This volume responds to the question: How do you know when you belong to a country? In other words, when is the nation-state a homeland? The boundaries and borders defining who belongs and who does not proliferate in the age of globalization, although they may not coincide with national jurisdictions. Contributors to this collection engage with how these boundaries are made and sustained, examining how belonging is mediated by material relations of power, capital, and circuits of communication technology on the one side and representations of identity, nation, and homeland on the other. The authors’ diverse methodologies, ranging from archival research, oral histories, literary criticism, and ethnography attend to these contradictions by studying how the practices of migration and identification, procured and produced through global exchanges of bodies and goods that cross borders, foreclose those borders to (re)produce, and (re)imagine the homeland and its boundaries.

chapter |27 pages


Theorizing Belonging against and beyond Imagined Communities
ByMargaret Franz, Kumarini Silva

part I|67 pages

Territories, Sovereignties, and Legal Geographies

chapter 1|8 pages

Migration Law as a State (Re)producing Mechanism

ByMagdalena Kmak

chapter 2|9 pages


A Threat to the European Identity? A Legal Analysis of the Borders and Boundaries of the European Homeland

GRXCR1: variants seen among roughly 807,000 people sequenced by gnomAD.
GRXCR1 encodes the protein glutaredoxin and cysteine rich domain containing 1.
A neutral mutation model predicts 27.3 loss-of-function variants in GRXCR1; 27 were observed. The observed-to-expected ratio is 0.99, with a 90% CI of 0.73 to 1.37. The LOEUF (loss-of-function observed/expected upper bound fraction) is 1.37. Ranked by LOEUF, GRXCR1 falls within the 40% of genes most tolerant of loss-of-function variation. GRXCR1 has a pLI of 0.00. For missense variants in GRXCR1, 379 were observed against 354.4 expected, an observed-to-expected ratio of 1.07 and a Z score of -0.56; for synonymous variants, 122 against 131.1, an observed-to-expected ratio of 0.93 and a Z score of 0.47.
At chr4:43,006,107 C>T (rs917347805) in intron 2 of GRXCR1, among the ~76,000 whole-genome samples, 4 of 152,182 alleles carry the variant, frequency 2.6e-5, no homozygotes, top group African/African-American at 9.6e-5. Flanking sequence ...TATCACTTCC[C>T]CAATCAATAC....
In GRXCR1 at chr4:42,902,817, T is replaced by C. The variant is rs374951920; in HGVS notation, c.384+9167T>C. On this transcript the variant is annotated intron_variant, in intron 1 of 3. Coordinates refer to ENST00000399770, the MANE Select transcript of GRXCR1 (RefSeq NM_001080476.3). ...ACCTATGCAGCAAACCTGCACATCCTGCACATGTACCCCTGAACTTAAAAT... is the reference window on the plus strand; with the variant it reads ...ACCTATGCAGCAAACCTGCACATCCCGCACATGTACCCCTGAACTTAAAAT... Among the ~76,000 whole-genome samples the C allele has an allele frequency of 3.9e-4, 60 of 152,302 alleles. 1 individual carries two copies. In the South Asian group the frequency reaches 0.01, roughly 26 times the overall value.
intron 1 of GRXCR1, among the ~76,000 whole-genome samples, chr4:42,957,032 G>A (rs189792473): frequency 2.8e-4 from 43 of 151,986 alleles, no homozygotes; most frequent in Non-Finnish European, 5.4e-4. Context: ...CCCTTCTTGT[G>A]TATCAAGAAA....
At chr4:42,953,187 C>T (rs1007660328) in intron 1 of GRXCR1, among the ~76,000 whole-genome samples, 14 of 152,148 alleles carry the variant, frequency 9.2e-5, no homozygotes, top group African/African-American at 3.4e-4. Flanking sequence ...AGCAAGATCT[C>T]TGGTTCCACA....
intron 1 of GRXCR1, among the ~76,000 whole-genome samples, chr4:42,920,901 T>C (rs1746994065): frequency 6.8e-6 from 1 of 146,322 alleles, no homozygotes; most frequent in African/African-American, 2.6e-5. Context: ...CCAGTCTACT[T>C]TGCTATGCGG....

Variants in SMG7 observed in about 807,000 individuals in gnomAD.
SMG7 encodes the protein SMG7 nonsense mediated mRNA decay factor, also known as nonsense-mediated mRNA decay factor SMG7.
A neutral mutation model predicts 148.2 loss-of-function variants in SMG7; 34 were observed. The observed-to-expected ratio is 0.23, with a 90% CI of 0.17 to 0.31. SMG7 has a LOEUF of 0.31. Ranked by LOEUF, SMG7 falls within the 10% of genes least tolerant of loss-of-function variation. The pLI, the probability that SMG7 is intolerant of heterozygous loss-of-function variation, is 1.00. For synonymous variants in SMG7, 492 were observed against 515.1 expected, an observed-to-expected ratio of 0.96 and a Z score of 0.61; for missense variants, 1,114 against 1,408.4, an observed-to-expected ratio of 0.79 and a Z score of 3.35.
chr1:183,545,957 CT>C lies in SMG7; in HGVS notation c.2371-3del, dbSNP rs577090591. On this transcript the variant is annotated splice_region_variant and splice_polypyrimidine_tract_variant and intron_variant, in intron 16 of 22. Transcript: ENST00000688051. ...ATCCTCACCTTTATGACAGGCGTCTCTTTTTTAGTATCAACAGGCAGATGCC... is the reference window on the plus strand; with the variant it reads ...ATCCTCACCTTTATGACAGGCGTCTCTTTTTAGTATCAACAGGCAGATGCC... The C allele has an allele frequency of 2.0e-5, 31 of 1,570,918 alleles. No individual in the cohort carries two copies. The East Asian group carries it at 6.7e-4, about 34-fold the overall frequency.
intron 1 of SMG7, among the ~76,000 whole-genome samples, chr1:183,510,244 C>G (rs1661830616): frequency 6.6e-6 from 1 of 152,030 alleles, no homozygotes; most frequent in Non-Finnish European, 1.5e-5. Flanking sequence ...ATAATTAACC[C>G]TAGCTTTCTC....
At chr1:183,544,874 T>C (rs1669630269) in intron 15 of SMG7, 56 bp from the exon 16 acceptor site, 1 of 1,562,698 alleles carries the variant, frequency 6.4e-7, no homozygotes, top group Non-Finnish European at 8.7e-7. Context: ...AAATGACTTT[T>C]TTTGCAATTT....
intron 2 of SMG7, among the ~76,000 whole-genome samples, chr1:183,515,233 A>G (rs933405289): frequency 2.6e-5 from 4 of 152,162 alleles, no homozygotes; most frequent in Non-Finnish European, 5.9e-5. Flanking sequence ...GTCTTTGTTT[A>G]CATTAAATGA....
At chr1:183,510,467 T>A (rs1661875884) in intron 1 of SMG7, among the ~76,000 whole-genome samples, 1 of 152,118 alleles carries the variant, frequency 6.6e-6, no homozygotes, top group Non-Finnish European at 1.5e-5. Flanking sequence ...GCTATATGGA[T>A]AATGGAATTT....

ByCarola Lingaas

chapter 3|19 pages

“Entitlement” Warfare

Indigenous and Immigrant Welfare and Remapping Neoliberal National (B)orders
ByLeah Perry

chapter 4|14 pages

“When Is a Migrant a Refugee?”

Hierarchizing Migrant Life
ByChina Medel, Yuridia Ramírez

chapter 5|15 pages

El país-de-en-medio, or the Plural Stories of Legalities in the US-Mexican Borderland

ByLuis Gómez Romero, María de la Macarena Iribarne González

part II|78 pages

Narrating the Homeland, Mediating Belonging

chapter 6|9 pages

And Europe Said, Let There Be Borders

Autoethnographic Reflections on Border Crossings and Violence
ByKalemba Kizito

chapter 7|9 pages

Departures and Arrivals in a Columbian World

ByMarjorie Florestal

chapter 8|8 pages

“Dreaming of Addis Ababa”

In the Afterlives of Inter-War Christian Internationalism
BySneha Krishnan

chapter 9|17 pages

“Politics Are Not for Small People”

Expectations for Tibetan Youth, and the Question of Deviancy in Exile
ByAlana Vehaba

chapter 10|12 pages

“Never Come Back, You Hear Me!”

Negotiating “Bulgarian-ness” and “Homeland” in Public Discourses on Emigration
ByNadezhda Sotirova

chapter 11|9 pages

DREAMer Narratives

Redefining Immigration, Redefining Belonging
BySvilen V. Trifonov

chapter 12|12 pages

Indigenous Sovereignty and Nationhood

The Standing Rock Movement
ByMahuya Pal, Ryan A. D’Souza